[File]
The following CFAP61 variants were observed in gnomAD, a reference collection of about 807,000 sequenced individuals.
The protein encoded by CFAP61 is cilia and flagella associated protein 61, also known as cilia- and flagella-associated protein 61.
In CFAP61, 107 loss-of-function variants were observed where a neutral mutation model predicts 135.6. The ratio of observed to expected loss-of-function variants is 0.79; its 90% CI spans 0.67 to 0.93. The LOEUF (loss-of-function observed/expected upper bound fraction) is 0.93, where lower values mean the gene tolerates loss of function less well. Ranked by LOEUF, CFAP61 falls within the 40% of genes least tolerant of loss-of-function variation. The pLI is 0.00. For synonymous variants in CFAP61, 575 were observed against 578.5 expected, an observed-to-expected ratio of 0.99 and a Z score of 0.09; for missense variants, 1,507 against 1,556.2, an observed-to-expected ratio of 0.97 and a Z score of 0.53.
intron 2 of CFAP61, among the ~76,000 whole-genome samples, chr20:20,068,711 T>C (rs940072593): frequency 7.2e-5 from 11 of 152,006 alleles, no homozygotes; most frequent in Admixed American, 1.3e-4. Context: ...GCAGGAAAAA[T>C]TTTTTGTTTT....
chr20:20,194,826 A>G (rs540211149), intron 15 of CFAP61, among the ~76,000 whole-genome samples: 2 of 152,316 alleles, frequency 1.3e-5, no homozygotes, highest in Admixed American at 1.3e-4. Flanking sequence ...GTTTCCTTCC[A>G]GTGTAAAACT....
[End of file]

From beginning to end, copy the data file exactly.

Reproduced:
The following CFAP61 variants were observed in gnomAD, a reference collection of about 807,000 sequenced individuals.
The protein encoded by CFAP61 is cilia and flagella associated protein 61, also known as cilia- and flagella-associated protein 61.
In CFAP61, 107 loss-of-function variants were observed where a neutral mutation model predicts 135.6. The ratio of observed to expected loss-of-function variants is 0.79; its 90% CI spans 0.67 to 0.93. The LOEUF (loss-of-function observed/expected upper bound fraction) is 0.93, where lower values mean the gene tolerates loss of function less well. Ranked by LOEUF, CFAP61 falls within the 40% of genes least tolerant of loss-of-function variation. The pLI is 0.00. For synonymous variants in CFAP61, 575 were observed against 578.5 expected, an observed-to-expected ratio of 0.99 and a Z score of 0.09; for missense variants, 1,507 against 1,556.2, an observed-to-expected ratio of 0.97 and a Z score of 0.53.
intron 2 of CFAP61, among the ~76,000 whole-genome samples, chr20:20,068,711 T>C (rs940072593): frequency 7.2e-5 from 11 of 152,006 alleles, no homozygotes; most frequent in Admixed American, 1.3e-4. Context: ...GCAGGAAAAA[T>C]TTTTTGTTTT....
chr20:20,194,826 A>G (rs540211149), intron 15 of CFAP61, among the ~76,000 whole-genome samples: 2 of 152,316 alleles, frequency 1.3e-5, no homozygotes, highest in Admixed American at 1.3e-4. Flanking sequence ...GTTTCCTTCC[A>G]GTGTAAAACT....